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The Ledge Nov 18, 1915

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 Art^i
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LEDGE
4
THE  OLDEST   MINING  CAMP  NEWSPAPER  IN" BRITISH   COLUMBIA
Vol.   XXII;:
GREENWOOD, B. C, THURSDAY   NOVEMBER 18,  1915
No. 19
Greenwood's   Big   Furniture  Store
See Our New Lines In
_***
Mattresses, Bedsteads and General
--M House Fundings
Goods Shipped in Any Direction
T. M. GULLEY & Co.
CoppcrStrct-t-"    -��������� GREENWOOD, B.C. Phone 27
rWACf|R   G.   KENNEDY1
.GREENWOOD,   B.   C.
WHOLESALE   AND   RETAIL
I  TOBACCOS, CIGARS, CONFECTIONERY, STATIONERY I
Guns
and Ammunition
��� PULL LINE OF	
Cooking and Heating
Stoves
=|^5^2^S^3^53^S?^^^53i^^2N^
Around Home
A. L. WHITE
New and Second Hand Store
I
A.Full Stock of First Class Pipes.
B
.!��.
| The. ll-way Store for Quality Goods
Put on a pair of our rubbers, and keep your
feet dry,   Envelop yourself in one of our Mackin-
;   aws :andLdefy .the chilly wi-nfl   Sleep under our
Hudson Bay blankets and keep warm, Largest stock
in the country.
JAS.G.'McMYNN, MIDWAY, B. C
'.' *^3SSs-K!=��S5-?Sekyk^
P. S0RNS & CO.
Dealers in Fresh and Salt Meats, Fish
. and Poultry.     Shops in nearly all the
towns of the Boundary and Kootenay.
COPPER STREET, GREENWOOD, B.C. 1
... ^M">*��^<~.">:^^_������^_~m^
^=
Puff Pastry
F.e.schmann's   Yeast
William C. Arthurs
THE BREAD AND CAKE BAKER
Greenwood City Bakery
Highest Type of
Women's  Fashions
IDEAL   GARMENTS
Cut to your own measure
Nothing to Equal Them For
Smartness,   Service,   Long
Wear and General Satisfaction
W.Elson&Co
Copper St.
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Greenwood Liquor Co. Greenwood
;    importers and Dealers in
Wines, Liquors, Beer, and Cigars
A   FULL   LINE   OF   SOFT   DRINKS
>><">&*<<*^tt<<"&>&>#<<- �������*�����
i    Office andWarerooms adjoining the Windsor Hotel
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BANKOFMONTREAL
BOARD   OF  DIRECTORS:
.   H. V. MEREDITH. Esq.. Pr.iU.ont.
. R. B/Aastu. ����..   ������ E. B. Grsenaliielcb. Em.
Sir William M��cc_an_-IcL Hon. Robt. Maclmr.
SirThas.Shaug]>n*M7iK.C.V.O. C R. Hoimor, Em..
A. Baumgarten, Eaq. C. B. Gordon, Eaq.
H. R. Drummond. Eaq. D. Forbaa Angus, Esq.
Wm. McM_u_t��r, Esq.
SirFraderiek W-l_.______-Tay.or, LL.D.,GeaeraI Manager.
ESTABUSHED 1817
Capital Paid Up       >      $16,000,000.
Rear?      -"     ��      ��� 16,000,000.
Undivided Profit*   ���       .   1,252,864.
Total Assets (April. 1915) 289,562,678.
__���_-> wnu,fH��T-i_k,
BANK MONEY ORDERS
arki i>��_tfe'__H-l eonveaient means of transmitting money to toy point
in Canada or.the United States.   Such Money Order* may be
' obtained a* ittf Sranoh of the Bank of Montreal.
E. E. Lf Dewdney, Manager, Greenwood Branch.
THE CANADIAN BANK
OF COMMERCE
- ��� ��� ��� ;���!-'. a..
SiR'EDMtjND WALKER, C.V.O., LLX). D.C.t.. President
JOHN AIRP, General Manager. H. V. F. JONES. Ass't General Manager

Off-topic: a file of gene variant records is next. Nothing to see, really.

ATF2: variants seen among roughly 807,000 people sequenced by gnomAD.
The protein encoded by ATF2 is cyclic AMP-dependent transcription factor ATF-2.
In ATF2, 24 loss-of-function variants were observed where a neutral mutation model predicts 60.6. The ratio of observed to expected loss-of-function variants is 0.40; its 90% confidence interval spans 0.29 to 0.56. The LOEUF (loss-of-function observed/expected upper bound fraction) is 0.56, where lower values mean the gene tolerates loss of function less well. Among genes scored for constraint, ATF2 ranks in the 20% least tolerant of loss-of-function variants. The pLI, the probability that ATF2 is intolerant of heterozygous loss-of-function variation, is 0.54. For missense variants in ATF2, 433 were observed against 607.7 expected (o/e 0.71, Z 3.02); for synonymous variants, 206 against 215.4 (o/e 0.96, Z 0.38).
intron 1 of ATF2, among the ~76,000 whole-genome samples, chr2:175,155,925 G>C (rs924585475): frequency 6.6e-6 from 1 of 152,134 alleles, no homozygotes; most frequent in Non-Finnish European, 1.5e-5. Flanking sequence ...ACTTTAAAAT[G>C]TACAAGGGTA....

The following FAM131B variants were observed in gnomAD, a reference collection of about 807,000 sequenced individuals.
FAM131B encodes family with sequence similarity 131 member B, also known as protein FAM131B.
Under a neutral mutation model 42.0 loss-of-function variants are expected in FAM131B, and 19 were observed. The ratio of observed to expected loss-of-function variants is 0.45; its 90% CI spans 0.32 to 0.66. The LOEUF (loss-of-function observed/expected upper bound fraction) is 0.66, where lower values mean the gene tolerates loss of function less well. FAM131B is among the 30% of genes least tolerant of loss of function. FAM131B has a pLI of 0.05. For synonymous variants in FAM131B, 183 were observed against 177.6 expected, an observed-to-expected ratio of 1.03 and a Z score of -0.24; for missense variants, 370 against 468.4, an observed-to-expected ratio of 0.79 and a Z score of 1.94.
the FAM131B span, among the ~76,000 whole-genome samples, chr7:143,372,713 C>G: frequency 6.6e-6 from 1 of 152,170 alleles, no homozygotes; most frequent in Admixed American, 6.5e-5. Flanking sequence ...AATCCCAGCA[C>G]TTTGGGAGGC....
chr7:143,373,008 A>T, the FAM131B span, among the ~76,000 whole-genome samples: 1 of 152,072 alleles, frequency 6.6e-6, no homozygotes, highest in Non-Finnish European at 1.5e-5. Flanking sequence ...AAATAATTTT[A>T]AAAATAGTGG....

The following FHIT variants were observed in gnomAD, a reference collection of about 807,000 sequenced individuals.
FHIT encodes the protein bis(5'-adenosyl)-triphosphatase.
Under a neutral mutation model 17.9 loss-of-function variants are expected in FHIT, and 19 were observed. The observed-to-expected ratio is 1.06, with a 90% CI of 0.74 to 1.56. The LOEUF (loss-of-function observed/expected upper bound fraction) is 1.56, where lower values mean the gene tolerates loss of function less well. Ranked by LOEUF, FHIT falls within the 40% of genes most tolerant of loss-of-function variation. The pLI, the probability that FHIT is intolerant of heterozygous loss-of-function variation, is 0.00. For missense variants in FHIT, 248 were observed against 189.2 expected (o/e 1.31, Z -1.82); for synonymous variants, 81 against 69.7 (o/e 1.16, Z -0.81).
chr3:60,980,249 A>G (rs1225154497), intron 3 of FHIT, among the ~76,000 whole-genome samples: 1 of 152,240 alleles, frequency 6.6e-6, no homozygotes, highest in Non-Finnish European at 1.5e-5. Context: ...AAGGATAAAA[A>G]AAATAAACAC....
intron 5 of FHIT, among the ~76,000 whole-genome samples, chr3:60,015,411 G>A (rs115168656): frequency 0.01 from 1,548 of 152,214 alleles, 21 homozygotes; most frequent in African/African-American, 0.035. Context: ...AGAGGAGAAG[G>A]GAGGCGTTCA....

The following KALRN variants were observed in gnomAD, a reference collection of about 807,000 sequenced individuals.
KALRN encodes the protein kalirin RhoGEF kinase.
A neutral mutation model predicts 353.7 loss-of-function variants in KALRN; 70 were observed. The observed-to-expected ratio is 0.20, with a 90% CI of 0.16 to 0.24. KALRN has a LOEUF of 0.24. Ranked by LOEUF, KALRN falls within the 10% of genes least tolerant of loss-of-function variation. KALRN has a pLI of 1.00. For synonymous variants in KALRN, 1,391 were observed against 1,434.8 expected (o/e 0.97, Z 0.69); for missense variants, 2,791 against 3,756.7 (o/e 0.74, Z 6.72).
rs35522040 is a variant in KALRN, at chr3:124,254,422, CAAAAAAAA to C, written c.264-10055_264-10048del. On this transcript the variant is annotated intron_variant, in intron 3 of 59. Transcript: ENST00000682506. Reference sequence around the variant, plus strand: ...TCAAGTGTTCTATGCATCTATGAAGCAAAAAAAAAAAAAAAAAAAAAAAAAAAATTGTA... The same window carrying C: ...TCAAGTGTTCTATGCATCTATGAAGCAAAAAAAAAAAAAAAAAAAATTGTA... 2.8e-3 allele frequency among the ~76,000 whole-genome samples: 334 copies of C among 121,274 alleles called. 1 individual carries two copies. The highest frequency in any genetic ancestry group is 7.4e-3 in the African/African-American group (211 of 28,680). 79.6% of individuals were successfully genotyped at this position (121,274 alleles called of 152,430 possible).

OAPITAL, JS.p.OOO    RESERVE FUND, $13,500,000
SAVINGS BANK ACCOUNTS
interest at the current rate is allowed on all deposits of $1 and
Upwards...' Careful attention is given to every account. Small accounts
are .Welcomed, ^Accounts may be opened and operated by maiL
AccbuSrSTn_iy/tJe opened in the names of two or more persons, withdrawals to be-_a_ad^_-y any one of them or by the survivor. S50
���/--,.    .SAVINGS BANK DEPAITTMENT
.... .v.... ., -:.:.): G* MULLEN Manager,
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First  Class Work  and
Prompt Attention
Prices Reasonable
E. A. Black, Phoenix
W. G. Kennedy, Agent
Greenwood |
INow See What We Mave For
PRIDAY, NOV. 19
Another
PARAMOUNT  PHOTOPLAY
In Five Parts
"Featuring   WH.LrAM~ELi.IOT   iu   the
noted play
"When We Were
Twenty-One"
An  intensely  interesting story with an
amusing touch of wit aud humor
The Theatre will be warm and comfortable, and we assure you that you
will be highly entertained with
this production.
WEDNESDAYS
THE ELAINE SERIES
is Hearing tbe ei^d, the plot thickens and
you must see the finish
Christian Science service will be held
in the Oddfellows Hall on Sunday at n
a. in All welcome. On the the tlrrd
Friday of each month at 8 p. m., testimonial meetings will be held in the
same hall.. Sunday School every Sunday
morning.
English, Swiss and American watch
and clock repairing. All work guaranteed.
C. A. Adeneur, opposite Windsor Hotel,
Greenwood.
WANTS. Etc
For Sale. ��� A five-roomed
house. Apply to Mrs. E. Helbec*
que, Anaconda.
On and after November 1st,
Never Slip shoes will be $3.50 for
horse, or 90 cents a shoe���Charles
Kinney.
Lumber car just arrived, containing flooring and finish. Dry
common boards and dimension,
dry:- double dressed shiplap���
Charles Kinney.
For Sale.���Road cart, in good
condition with single harness,
$20. Man's English riding saddle. $10. Bred colt "Monty,"
rising 3, halter broke, $60. Mac-
Lary Range, $15,00. House furnishings. Apply to Mrs. Colin
Cummins. Bank of Commerce
Block, Greenwood.
The water has been pumped
out of the Emma mine.
George Barrett will ship ore
from the Kokomo this winter.
Jim Drum has struck the lead
in the lower tunnel of the Sally.
Service in the Presbyterian
church Sunday, Nov. 21, at 11
a.m.
An expert will examine the
Carmi mine for Chicago capitalists.
Hugh S. Mills, died in Grand
Forks last week from typhoid
fever.
There are 6,500 empty houses
ia Toronto, and about a dozen in
Greenwood.
F. J. Lake will be here until